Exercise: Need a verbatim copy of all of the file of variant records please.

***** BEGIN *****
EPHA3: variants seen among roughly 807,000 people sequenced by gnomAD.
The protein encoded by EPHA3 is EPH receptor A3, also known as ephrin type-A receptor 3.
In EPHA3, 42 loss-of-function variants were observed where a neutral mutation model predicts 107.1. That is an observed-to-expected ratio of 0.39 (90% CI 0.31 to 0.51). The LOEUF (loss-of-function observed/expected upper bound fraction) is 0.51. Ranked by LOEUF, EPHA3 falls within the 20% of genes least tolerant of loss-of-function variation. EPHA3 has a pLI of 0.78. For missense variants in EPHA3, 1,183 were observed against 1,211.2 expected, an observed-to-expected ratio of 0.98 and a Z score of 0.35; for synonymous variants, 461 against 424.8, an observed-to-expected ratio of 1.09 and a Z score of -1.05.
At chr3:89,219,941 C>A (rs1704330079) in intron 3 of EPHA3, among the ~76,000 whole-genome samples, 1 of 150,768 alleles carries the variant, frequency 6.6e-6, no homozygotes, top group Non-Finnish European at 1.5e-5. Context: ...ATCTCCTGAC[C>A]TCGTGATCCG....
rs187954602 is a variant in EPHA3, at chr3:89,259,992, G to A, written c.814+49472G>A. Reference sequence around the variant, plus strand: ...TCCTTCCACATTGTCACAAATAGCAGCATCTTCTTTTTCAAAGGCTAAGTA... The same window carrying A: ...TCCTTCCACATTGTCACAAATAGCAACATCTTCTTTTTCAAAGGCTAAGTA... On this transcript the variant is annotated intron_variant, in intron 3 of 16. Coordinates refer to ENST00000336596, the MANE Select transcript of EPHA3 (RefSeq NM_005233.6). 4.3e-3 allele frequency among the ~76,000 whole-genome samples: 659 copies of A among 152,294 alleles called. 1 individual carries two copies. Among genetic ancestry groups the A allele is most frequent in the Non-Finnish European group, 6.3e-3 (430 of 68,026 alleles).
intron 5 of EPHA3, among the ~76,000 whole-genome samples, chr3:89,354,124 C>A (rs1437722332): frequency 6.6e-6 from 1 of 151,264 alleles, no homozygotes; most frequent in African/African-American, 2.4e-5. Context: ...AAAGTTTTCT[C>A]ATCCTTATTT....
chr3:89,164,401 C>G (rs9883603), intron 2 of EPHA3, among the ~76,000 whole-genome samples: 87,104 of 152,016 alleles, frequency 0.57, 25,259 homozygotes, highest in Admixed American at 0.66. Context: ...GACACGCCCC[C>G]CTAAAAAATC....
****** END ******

EPHA3: variants seen among roughly 807,000 people sequenced by gnomAD.
The protein encoded by EPHA3 is EPH receptor A3, also known as ephrin type-A receptor 3.
In EPHA3, 42 loss-of-function variants were observed where a neutral mutation model predicts 107.1. That is an observed-to-expected ratio of 0.39 (90% CI 0.31 to 0.51). The LOEUF (loss-of-function observed/expected upper bound fraction) is 0.51. Ranked by LOEUF, EPHA3 falls within the 20% of genes least tolerant of loss-of-function variation. EPHA3 has a pLI of 0.78. For missense variants in EPHA3, 1,183 were observed against 1,211.2 expected, an observed-to-expected ratio of 0.98 and a Z score of 0.35; for synonymous variants, 461 against 424.8, an observed-to-expected ratio of 1.09 and a Z score of -1.05.
At chr3:89,219,941 C>A (rs1704330079) in intron 3 of EPHA3, among the ~76,000 whole-genome samples, 1 of 150,768 alleles carries the variant, frequency 6.6e-6, no homozygotes, top group Non-Finnish European at 1.5e-5. Context: ...ATCTCCTGAC[C>A]TCGTGATCCG....
rs187954602 is a variant in EPHA3, at chr3:89,259,992, G to A, written c.814+49472G>A. Reference sequence around the variant, plus strand: ...TCCTTCCACATTGTCACAAATAGCAGCATCTTCTTTTTCAAAGGCTAAGTA... The same window carrying A: ...TCCTTCCACATTGTCACAAATAGCAACATCTTCTTTTTCAAAGGCTAAGTA... On this transcript the variant is annotated intron_variant, in intron 3 of 16. Coordinates refer to ENST00000336596, the MANE Select transcript of EPHA3 (RefSeq NM_005233.6). 4.3e-3 allele frequency among the ~76,000 whole-genome samples: 659 copies of A among 152,294 alleles called. 1 individual carries two copies. Among genetic ancestry groups the A allele is most frequent in the Non-Finnish European group, 6.3e-3 (430 of 68,026 alleles).
intron 5 of EPHA3, among the ~76,000 whole-genome samples, chr3:89,354,124 C>A (rs1437722332): frequency 6.6e-6 from 1 of 151,264 alleles, no homozygotes; most frequent in African/African-American, 2.4e-5. Context: ...AAAGTTTTCT[C>A]ATCCTTATTT....
chr3:89,164,401 C>G (rs9883603), intron 2 of EPHA3, among the ~76,000 whole-genome samples: 87,104 of 152,016 alleles, frequency 0.57, 25,259 homozygotes, highest in Admixed American at 0.66. Context: ...GACACGCCCC[C>G]CTAAAAAATC....